It’s hard for Angels fans to forget the impact that former closer Francisco Rodriguez had on the organization in his time with the Angels. He came up to the majors for the Angels in September of the magical 2002 season, and struck out 13 of the 21 batters he faced. He then was one of the most important members in the bullpen during that amazing World Series Championship team during the playoffs. After a couple years of setting up long-time Angels closer Troy Percival, he became the closer for the next four seasons, eventually ending his Angels tenure after setting a Major League record for saves in a single season.
Since K-Rod left after the 2008 season, the team has seen Brian Fuentes, Fernando Rodney, Jordan Walden, closer-by-committee, and recently Ernesto Frieri man the role of Angels’ closer. They even had another Francisco Rodriguez in the bullpen at one point. While they’ve had plenty of power arms and guys with great movement on their breaking balls, they haven’t quite had that balance that K-Rod had. While Frieri is the Angels’ current closer and closer for the foreseeable future, Angels pitching prospect (and third-round draft pick from 2012) R.J. Alvarez is rising up the organizational ladder at a similar rate to K-Rod. There are other aspects of Alvarez that are strongly comparable to K-Rod and can lead many to believe that this young arm could be the next K-Rod:
One of the more memorable quirks of Francisco Rodriguez was his erratic pitching motion on the mound. Though Alvarez doesn’t have the high kick that K-Rod had, he does have a very violent motion towards the plate, which also leave him falling off the mound a bit. Like Rodriguez, this violent pitching motion does lead to some control problems. One positive trade-off for a violent pitching motion is that it’s an intimidating display for the opposing batters. This is a key to the concept of “effectively wild.” K-Rod displayed much effective wildness in his days with the Angels and Alvarez displays effective wildness as well.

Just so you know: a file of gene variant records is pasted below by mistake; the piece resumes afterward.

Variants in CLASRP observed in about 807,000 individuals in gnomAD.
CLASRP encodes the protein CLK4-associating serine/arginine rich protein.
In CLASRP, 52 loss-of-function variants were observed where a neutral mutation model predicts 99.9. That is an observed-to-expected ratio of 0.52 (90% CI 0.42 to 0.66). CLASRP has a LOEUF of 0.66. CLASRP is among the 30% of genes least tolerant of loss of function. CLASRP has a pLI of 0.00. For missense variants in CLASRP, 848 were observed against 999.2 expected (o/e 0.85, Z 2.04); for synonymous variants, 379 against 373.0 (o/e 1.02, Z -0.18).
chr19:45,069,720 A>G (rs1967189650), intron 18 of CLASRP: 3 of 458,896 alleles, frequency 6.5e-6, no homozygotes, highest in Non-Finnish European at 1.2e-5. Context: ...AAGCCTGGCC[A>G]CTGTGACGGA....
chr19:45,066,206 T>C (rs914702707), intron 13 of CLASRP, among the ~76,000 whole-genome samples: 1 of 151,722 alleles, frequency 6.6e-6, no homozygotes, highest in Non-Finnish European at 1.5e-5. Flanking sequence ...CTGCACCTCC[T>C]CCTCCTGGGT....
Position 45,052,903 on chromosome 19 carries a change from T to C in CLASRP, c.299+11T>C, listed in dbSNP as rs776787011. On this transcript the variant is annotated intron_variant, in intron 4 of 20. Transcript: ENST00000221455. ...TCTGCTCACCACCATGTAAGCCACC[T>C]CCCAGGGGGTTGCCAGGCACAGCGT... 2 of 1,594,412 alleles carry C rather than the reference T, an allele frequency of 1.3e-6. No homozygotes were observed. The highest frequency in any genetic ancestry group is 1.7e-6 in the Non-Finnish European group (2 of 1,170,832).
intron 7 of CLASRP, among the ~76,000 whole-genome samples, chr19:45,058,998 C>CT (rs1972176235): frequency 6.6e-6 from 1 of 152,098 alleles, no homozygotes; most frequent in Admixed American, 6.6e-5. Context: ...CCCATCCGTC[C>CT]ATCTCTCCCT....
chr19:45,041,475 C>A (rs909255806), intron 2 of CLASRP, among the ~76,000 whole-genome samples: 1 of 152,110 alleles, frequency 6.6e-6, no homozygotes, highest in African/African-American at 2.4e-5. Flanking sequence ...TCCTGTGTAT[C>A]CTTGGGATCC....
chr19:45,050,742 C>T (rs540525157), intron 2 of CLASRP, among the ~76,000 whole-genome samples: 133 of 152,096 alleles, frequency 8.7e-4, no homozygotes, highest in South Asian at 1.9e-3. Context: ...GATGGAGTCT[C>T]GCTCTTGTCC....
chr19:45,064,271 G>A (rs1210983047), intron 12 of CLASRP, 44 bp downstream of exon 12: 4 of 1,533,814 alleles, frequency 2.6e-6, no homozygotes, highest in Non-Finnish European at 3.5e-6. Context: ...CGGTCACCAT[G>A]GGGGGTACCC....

When you look at some of the rates for Francisco Rodriguez’s career with the Angels versus those same rates for R.J. Alvarez’s minor league career so far, the similarities are quite overt:
Obviously there is the glaring fact that we are comparing the seven-year Major League span of K-Rod with the Angels to the two-year minor league span of Alvarez. One thing that should be noted is that three years Rodriguez spent in the Angels organization before 2002 were as a starting pitcher. Nevertheless, this whole comparison is to display how similar Alvarez is to the K-Rod that the Angels saw. While Alvarez does have higher rates in most of the categories, those rates aren’t higher by much. Also, one of the rates that is higher is the strikeouts-per-nine-innings. In any case, Alvarez is showing great potential and a very similar potential to K-Rod.
Perhaps the most similar comparison for K-Rod and Alvarez is their pitching repertoires. Both of them are known for their great fastball-slider combination. While Alvarez throw a little bit faster than Rodriguez, K-Rod still had a very effective fastball. Their fastballs both work well with their hard-breaking sliders, which they both use as their go-to strikeout pitch. Their sliders are also the biggest subject to their effective wildness, which is only effective due to the immense movement that they have. Another interesting part of the repertoire comparison is their changeups. Although K-Rod didn’t start using a changeup until the latter part of his Angels career, he threw it effectively. Alvarez has a decent changeup that has the potential to become a very effective pitch for him.
Alvarez will be entering 2014 likely with a ticket to Double-A, which is the same level at which K-Rod was entering the 2002 season. Though K-Rod was only 20-years-old that season and Alvarez will be turning 23 in June, Alvarez has progressed through the Angels’ system at a quicker rate. While it doesn’t appear too likely that he’ll get a call up early on in the year, it’s a good possibility that he could be a September call-up, like K-Rod in 2002.
For the future, Alvarez’s path to being the Angels’ closer is blocked. K-Rod was also blocked by Troy Percival for a couple of years. Ernesto Frieri coincidentally has two year left after this year before he’s eligible for free agency. Just like K-Rod, we could see Alvarez called up at the end of the year (hopefully helping with a playoff run) and becoming a member of the Angels’ bullpen over the next couple years (possibly setting up Frieri and getting prepared to take over the closer’s role if Frieri becomes a free agent).
While this could all be a basket of coincidences and wishful thinking, there’s definitely a bright future for ahead for R.J. Alvarez. If his future is anything similar to Francisco Rodriguez, then the Angels may have a future ace in the bullpen.